II. Discussion

         A. Standard of Review

         Plaintiff filed her complaint pursuant to 28 U.S.C. § 1915, which permits an indigent litigant to commence an action in federal court without prepaying the administrative costs of proceeding with the lawsuit. To protect against possible abuses of this privilege, the statute allows a district court to dismiss a case upon a finding that the action fails to state a claim on which relief may be granted or is frivolous or malicious. 28 U.S.C. § 1915(e)(2)(B)(i), (ii). A finding of frivolity can be made where the complaint lacks an arguable basis either in law or in fact. Denton v. Hernandez, 504 U.S. 25, 31 (1992). A claim based on a meritless legal theory may be dismissed sua sponte under 28 U.S.C. § 1915(e)(2)(B). See Neitzke v. Williams, 490 U.S. 319, 327 (1989).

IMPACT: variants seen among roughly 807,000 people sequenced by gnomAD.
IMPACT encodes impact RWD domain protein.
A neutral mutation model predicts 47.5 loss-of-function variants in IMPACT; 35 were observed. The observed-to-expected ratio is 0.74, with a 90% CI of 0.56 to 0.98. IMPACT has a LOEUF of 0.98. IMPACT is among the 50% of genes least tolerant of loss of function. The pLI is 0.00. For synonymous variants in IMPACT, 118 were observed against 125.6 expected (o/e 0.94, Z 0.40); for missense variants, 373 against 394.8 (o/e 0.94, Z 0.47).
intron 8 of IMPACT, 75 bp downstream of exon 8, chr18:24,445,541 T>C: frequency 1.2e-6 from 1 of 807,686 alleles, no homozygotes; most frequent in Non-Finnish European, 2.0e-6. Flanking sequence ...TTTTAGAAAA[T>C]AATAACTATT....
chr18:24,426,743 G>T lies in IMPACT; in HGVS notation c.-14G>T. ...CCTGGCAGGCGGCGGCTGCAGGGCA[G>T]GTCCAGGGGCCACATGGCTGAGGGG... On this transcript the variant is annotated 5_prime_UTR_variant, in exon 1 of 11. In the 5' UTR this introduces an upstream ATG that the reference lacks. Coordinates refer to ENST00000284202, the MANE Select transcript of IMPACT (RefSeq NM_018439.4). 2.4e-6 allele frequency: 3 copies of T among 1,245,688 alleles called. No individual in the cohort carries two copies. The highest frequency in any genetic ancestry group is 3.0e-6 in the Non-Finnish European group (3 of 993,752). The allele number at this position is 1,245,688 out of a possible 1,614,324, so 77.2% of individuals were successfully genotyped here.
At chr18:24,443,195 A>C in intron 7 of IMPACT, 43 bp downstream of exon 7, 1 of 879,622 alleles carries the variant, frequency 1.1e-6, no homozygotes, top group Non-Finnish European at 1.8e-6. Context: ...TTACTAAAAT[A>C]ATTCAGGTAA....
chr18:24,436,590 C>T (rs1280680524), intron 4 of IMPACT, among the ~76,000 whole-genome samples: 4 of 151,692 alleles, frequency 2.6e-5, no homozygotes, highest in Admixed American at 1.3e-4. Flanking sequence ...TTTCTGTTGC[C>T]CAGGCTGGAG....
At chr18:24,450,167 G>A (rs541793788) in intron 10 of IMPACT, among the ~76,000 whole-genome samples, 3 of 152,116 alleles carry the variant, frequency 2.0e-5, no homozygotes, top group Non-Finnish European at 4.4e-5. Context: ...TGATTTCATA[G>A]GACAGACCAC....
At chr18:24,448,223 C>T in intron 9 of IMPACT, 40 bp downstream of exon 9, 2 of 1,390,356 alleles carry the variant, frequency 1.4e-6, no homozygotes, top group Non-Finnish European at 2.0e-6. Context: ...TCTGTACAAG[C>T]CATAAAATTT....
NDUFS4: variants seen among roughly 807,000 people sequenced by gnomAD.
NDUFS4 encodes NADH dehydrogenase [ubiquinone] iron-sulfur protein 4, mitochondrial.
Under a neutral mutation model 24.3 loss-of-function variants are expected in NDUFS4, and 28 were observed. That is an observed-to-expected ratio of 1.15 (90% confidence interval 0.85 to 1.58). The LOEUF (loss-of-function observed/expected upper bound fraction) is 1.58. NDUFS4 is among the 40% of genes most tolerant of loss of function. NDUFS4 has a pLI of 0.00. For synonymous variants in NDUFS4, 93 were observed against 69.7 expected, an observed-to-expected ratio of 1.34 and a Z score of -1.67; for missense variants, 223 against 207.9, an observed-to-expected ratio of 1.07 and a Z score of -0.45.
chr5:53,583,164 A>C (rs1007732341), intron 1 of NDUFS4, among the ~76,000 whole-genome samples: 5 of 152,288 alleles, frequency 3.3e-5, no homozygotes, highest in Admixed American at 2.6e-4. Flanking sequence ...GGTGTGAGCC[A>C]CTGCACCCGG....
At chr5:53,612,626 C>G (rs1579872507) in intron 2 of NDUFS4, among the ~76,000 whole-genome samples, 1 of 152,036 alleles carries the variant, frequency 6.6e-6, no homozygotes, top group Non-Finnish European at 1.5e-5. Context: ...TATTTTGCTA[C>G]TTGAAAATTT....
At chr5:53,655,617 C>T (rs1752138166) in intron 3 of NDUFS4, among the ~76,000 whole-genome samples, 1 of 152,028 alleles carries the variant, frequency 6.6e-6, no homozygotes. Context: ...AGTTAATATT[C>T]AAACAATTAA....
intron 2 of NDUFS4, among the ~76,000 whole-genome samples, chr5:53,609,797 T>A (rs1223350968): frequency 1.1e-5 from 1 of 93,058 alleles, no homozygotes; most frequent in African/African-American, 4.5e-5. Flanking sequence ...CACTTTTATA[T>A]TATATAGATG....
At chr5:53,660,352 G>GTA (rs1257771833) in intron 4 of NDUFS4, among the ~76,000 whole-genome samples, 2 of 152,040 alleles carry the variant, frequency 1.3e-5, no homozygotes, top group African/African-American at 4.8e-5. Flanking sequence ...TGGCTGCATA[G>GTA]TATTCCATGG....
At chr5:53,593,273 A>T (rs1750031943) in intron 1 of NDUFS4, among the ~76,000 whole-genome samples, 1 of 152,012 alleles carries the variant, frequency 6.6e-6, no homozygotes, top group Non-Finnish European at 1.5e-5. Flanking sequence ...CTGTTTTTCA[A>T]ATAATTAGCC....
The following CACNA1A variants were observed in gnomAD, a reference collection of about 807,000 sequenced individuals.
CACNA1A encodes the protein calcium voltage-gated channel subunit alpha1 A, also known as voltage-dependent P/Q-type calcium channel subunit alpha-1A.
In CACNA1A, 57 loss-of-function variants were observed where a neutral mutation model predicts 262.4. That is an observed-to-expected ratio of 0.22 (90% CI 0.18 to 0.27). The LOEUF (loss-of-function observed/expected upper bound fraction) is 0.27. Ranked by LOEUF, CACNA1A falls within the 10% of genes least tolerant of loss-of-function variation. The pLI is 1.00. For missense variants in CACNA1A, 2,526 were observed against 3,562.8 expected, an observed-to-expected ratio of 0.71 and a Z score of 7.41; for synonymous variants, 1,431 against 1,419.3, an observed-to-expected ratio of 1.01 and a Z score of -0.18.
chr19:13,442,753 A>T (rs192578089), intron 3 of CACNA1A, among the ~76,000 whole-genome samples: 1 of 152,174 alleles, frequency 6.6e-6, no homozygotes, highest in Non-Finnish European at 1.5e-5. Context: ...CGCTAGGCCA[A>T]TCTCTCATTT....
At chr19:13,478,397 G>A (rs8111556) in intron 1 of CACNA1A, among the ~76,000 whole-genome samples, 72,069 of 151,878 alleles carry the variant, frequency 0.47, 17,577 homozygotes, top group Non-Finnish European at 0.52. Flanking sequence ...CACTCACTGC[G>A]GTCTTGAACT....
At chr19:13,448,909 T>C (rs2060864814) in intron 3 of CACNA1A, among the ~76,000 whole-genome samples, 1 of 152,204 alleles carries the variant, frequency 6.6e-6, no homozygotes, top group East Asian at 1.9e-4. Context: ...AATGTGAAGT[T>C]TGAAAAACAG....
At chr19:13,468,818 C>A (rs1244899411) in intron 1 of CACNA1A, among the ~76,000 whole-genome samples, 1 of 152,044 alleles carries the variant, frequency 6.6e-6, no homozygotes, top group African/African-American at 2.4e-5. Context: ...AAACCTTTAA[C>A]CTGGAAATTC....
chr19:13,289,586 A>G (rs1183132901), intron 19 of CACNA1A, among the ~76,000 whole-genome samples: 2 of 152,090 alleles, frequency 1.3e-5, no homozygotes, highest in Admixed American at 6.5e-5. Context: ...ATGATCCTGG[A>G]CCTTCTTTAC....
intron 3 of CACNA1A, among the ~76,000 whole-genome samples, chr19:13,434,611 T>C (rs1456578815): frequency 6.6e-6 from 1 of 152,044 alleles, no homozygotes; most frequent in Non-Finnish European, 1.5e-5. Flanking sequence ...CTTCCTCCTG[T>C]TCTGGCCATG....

Pro se complaints are held to a less stringent standard than those drafted by attorneys. Gordon v. Leeke, 574 F.2d 1147, 1151 (4th Cir. 1978). A federal court is charged with liberally construing a complaint filed by a pro se litigant to allow the development of a potentially meritorious case. Erickson v. Pardus, 551 U.S. 89, 94 (2007). In evaluating a pro se complaint, the plaintiff's allegations are assumed to be true. Fine v. City of N.Y., 529 F.2d 70, 74 (2d Cir. 1975). The mandated liberal construction afforded to pro se pleadings means that if the court can reasonably read the pleadings to state a valid claim on which the plaintiff could prevail, it should do so. Nevertheless, the requirement of liberal construction does not mean that the court can ignore a clear failure in the pleading to allege facts that set forth a claim currently cognizable in a federal district court. Weller v. Dep't of Soc. Servs., 901 F.2d 387, 390-91 (4th Cir. 1990).